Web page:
You win an Academy Award. You make a speech, walk off the stage with your statue, bring it home, and you put it on the mantle. Very cool. But what if someday you wanted to--or worse, needed to--sell it. How much could you get?
Exactly $1, according to the Academy of Motion Picture Arts and Sciences, which hosts the annual awards show. Since 1950, the Academy has required Oscar winners to sign an agreement stipulating that neither they -- nor their heirs -- will sell their statuettes without first offering to sell them back to the Academy for a buck.
Refuse to sign, and the Academy keeps the statuette. "They're not tchotchkes to be bought off of a shelf," sniffs an academy spokesman.
But, despite the academy's disapproval, that is exactly what's happening. Industry experts speculate that 150 Oscars have been sold since the first Academy Awards ceremony in 1929 -- half of which are likely gray-market sales involving post-1950 statuettes. And those 8.5-pound golden statuettes are fetching as much as $1.5 million on the open market. Prices are lower for post-1950 Oscars because they can't be sold again as easily, but a big-name Oscar rarely goes for less than $60,000.
Historically, the academy has tried to stifle the free market in Oscar sales through blunt legal intimidation. Take the case of Cyrus Todd, the grandson of late producer Michael Todd. In 1989, Cyrus Todd found himself nearly broke, so he reportedly decided to sell his grandfather's 1956 Best Picture Oscar for Around The World In 80 Days.
For help, Todd turned to Malcolm Willits, a movie-memorabilia expert and owner of the Collector's Bookstore in Hollywood, Calif. But a Los Angeles court granted the academy a temporary restraining order on Willits' auction just days before it was scheduled to take place. Weeks later, the restraining order was upheld, and Willits was issued a permanent injunction.
Yet, according to legal experts, it's not even clear how watertight the academy's agreement is. "The one-page agreement that the Academy of Motion Picture Arts and Sciences enters into with the recipients of Oscar awards raises enough tricky questions of property and contract law to pique the interest of property and contract scholars," says Richard A Epstein, a law professor at the University of Chicago.
Adds Jonathan Zittrain, a professor at Harvard Law School, "It may well be a binding contract, but it doesn't say anything about damages. The contract isn't broken until the statuette is, say, sold -- at which point there's not much to be done against the seller, since he or she no longer owns it.
The only question would be what damages the academy could collect--the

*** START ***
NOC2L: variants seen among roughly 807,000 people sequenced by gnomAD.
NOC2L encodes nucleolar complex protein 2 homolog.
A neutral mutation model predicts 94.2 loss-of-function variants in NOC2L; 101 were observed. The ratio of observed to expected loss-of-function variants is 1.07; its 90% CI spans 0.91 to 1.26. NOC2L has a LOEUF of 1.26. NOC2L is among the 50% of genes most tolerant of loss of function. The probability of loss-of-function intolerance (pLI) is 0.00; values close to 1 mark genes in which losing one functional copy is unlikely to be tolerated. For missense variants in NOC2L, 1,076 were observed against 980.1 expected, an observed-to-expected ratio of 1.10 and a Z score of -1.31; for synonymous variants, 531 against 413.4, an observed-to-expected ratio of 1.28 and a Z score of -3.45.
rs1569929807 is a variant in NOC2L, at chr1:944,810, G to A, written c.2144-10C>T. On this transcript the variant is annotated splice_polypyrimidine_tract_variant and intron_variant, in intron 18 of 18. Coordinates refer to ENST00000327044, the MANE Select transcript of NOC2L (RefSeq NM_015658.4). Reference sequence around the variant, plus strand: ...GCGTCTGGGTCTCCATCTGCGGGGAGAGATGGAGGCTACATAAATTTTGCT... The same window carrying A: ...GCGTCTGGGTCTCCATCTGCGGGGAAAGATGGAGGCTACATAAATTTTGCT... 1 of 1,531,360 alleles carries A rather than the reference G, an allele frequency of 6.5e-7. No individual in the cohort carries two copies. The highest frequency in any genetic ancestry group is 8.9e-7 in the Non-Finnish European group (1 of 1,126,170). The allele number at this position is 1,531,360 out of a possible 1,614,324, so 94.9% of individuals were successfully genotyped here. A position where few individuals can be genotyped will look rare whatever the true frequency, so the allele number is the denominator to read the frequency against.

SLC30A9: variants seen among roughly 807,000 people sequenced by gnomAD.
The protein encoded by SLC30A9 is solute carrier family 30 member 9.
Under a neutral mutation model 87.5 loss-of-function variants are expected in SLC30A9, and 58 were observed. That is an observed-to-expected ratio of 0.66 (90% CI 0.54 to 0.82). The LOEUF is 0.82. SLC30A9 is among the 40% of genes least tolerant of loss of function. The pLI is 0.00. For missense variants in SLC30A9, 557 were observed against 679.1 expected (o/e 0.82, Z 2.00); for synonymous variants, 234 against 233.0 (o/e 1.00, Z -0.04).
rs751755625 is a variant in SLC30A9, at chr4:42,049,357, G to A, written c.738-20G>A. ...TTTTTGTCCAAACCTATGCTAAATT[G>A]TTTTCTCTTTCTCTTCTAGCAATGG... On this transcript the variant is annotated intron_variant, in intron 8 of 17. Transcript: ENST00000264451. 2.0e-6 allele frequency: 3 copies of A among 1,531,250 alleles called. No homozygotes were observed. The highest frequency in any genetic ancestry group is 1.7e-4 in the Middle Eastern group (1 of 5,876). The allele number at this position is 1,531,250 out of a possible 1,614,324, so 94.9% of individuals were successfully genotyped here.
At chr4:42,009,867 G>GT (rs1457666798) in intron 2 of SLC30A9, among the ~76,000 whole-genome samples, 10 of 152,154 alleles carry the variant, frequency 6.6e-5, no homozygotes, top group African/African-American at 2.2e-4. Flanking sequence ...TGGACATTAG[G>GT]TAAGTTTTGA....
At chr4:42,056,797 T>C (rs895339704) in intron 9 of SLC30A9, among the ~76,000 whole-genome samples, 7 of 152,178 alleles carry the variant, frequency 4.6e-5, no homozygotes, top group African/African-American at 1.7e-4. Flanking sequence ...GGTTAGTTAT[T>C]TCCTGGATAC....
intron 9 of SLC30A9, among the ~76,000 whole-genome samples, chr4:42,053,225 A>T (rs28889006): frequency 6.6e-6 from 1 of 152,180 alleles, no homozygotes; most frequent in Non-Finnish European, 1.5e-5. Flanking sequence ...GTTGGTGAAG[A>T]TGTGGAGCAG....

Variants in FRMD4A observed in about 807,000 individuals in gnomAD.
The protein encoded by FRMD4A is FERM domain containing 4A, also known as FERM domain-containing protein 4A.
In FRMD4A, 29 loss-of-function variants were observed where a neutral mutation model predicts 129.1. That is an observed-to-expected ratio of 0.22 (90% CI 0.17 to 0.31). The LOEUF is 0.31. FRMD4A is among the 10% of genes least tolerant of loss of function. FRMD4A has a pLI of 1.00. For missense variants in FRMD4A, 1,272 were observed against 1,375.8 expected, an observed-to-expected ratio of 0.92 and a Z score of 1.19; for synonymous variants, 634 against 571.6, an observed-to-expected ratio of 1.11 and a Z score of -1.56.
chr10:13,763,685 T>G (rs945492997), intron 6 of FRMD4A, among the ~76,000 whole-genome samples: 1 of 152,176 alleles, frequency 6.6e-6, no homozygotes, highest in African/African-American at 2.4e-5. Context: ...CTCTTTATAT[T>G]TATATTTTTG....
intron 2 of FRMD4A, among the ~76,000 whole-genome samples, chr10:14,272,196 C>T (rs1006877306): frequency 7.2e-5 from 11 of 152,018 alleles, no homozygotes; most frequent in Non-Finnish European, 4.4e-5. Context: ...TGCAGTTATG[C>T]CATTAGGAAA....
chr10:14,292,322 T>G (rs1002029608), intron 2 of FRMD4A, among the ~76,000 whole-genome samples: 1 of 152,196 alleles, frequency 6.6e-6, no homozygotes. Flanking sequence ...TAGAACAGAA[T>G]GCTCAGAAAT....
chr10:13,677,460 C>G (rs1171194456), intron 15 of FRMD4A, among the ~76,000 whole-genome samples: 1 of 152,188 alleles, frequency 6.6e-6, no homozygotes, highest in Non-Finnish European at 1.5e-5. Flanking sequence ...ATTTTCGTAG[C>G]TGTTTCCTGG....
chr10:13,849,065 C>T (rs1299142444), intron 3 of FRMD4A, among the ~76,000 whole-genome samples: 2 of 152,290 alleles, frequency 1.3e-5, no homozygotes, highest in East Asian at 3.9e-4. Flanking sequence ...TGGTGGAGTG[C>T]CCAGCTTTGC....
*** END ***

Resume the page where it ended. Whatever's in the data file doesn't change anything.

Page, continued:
Some collectors are refusing to be cowed. Mario Cortesi, a Swiss movie buff, has purchased several Oscars to add to his collection of film memorabilia. His first purchase -- a 1951 Best Picture Oscar for An American in Paris for $16,000 from the Collector's Bookstore -- was made in 1989.
Though he is reluctant to divulge the specifics of his collection, he says he bought the statuettes because of his interest in the history of filmmaking. "I bought the Oscars for myself," he says. "They are not an investment, and they are not on display."
Sotheby's and Christie's have so far avoided auctioning off newer Oscars, but both houses are doing a brisk business in older statuettes. In June 1999, Sotheby's sold the 1939 Best Picture Oscar for Gone With The Wind to pop star Michael Jackson for a record price of $1.5 million. And, in recent years, Christie's has sold four pre-1950 Oscars for a combined take of more than $1.5 million.
The academy's ban has induced strange economic behavior from some very famous people. In July 2001, DreamWorks Animation co-founder Steven Spielberg -- who has two Best Director Oscars of his own, for Schindler's List and Saving Private Ryan -- purchased Bette Davis' 1938 Best Actress Oscar for Jezebel for $578,000, then returned it to the academy.
The academy promptly locked up the statuette in its vaults; it rarely displays old Oscars. Other celebrities who have bought Oscars and returned them to the academy include actor Kevin Spacey (who paid $157,000 for George Stoll's 1945 Oscar for Anchors Aweigh) and movie mogul Lew Wasserman.
Refreshingly, certain famous buyers are treating the statuettes for what they are: movie memorabilia. Magician David Copperfield keeps the 1943 Best Director Oscar for Casablanca, purchased in 2003 for $232,000, in his bedroom.
Though he says he both understands and respects the position of the Academy, "Objects should be where they do the most good." Copperfield says the Oscar would do more good for him -- the symbol of excellence is a source of inspiration for his own work -- than it would in a closet filled with other statuettes at the academy.